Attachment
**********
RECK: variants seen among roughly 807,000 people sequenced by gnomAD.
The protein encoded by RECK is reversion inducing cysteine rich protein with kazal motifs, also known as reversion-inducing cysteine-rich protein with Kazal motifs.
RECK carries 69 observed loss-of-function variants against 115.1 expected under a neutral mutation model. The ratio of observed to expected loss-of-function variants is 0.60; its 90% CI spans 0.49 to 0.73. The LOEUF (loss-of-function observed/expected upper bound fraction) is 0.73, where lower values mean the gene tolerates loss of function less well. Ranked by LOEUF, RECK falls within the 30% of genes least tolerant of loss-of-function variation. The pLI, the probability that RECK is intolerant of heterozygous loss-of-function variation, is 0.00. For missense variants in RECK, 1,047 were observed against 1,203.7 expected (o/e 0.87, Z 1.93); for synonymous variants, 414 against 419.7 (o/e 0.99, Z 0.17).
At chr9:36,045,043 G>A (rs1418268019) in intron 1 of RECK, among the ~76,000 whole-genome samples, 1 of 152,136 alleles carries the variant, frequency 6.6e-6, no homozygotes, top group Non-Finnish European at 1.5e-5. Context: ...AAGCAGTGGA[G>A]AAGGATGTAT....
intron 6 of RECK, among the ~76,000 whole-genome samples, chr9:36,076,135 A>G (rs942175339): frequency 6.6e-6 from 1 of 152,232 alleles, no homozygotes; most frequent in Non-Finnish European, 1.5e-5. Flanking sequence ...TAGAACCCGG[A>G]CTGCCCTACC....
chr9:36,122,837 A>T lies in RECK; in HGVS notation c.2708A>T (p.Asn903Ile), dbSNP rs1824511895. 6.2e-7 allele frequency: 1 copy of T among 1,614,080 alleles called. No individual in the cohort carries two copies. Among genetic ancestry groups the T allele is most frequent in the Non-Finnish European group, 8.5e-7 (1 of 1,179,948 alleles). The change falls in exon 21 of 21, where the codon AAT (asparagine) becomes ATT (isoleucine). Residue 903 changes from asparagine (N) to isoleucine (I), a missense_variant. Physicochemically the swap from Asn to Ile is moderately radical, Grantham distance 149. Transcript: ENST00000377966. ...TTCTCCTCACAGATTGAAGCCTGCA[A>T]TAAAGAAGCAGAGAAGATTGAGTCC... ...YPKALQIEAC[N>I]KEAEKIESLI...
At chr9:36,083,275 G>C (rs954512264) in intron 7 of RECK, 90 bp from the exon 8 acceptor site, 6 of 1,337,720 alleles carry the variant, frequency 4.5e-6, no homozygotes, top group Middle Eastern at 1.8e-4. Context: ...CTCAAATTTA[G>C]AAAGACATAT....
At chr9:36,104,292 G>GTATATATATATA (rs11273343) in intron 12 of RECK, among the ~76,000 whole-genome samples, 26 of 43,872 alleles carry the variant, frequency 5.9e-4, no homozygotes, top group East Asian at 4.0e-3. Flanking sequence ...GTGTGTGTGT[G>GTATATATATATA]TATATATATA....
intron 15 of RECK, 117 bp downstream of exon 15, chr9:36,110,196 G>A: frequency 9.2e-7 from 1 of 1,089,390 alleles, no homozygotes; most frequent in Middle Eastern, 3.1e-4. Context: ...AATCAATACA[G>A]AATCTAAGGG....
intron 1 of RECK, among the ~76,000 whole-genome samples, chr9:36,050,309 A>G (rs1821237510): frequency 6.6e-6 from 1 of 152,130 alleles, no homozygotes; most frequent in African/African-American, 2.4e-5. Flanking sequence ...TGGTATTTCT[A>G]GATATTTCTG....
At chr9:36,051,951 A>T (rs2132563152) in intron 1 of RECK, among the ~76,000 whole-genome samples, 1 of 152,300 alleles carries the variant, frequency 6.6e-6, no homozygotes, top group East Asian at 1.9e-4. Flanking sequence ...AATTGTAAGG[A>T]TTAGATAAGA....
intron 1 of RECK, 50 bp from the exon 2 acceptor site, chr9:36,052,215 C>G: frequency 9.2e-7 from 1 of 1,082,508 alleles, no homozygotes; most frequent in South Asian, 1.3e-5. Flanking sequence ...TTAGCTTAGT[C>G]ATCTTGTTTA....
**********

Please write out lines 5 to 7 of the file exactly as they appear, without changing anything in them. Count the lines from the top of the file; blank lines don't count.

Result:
intron 6 of RECK, among the ~76,000 whole-genome samples, chr9:36,076,135 A>G (rs942175339): frequency 6.6e-6 from 1 of 152,232 alleles, no homozygotes; most frequent in Non-Finnish European, 1.5e-5. Flanking sequence ...TAGAACCCGG[A>G]CTGCCCTACC....
chr9:36,122,837 A>T lies in RECK; in HGVS notation c.2708A>T (p.Asn903Ile), dbSNP rs1824511895. 6.2e-7 allele frequency: 1 copy of T among 1,614,080 alleles called. No individual in the cohort carries two copies. Among genetic ancestry groups the T allele is most frequent in the Non-Finnish European group, 8.5e-7 (1 of 1,179,948 alleles). The change falls in exon 21 of 21, where the codon AAT (asparagine) becomes ATT (isoleucine). Residue 903 changes from asparagine (N) to isoleucine (I), a missense_variant. Physicochemically the swap from Asn to Ile is moderately radical, Grantham distance 149. Transcript: ENST00000377966. ...TTCTCCTCACAGATTGAAGCCTGCA[A>T]TAAAGAAGCAGAGAAGATTGAGTCC... ...YPKALQIEAC[N>I]KEAEKIESLI...
At chr9:36,083,275 G>C (rs954512264) in intron 7 of RECK, 90 bp from the exon 8 acceptor site, 6 of 1,337,720 alleles carry the variant, frequency 4.5e-6, no homozygotes, top group Middle Eastern at 1.8e-4. Context: ...CTCAAATTTA[G>C]AAAGACATAT....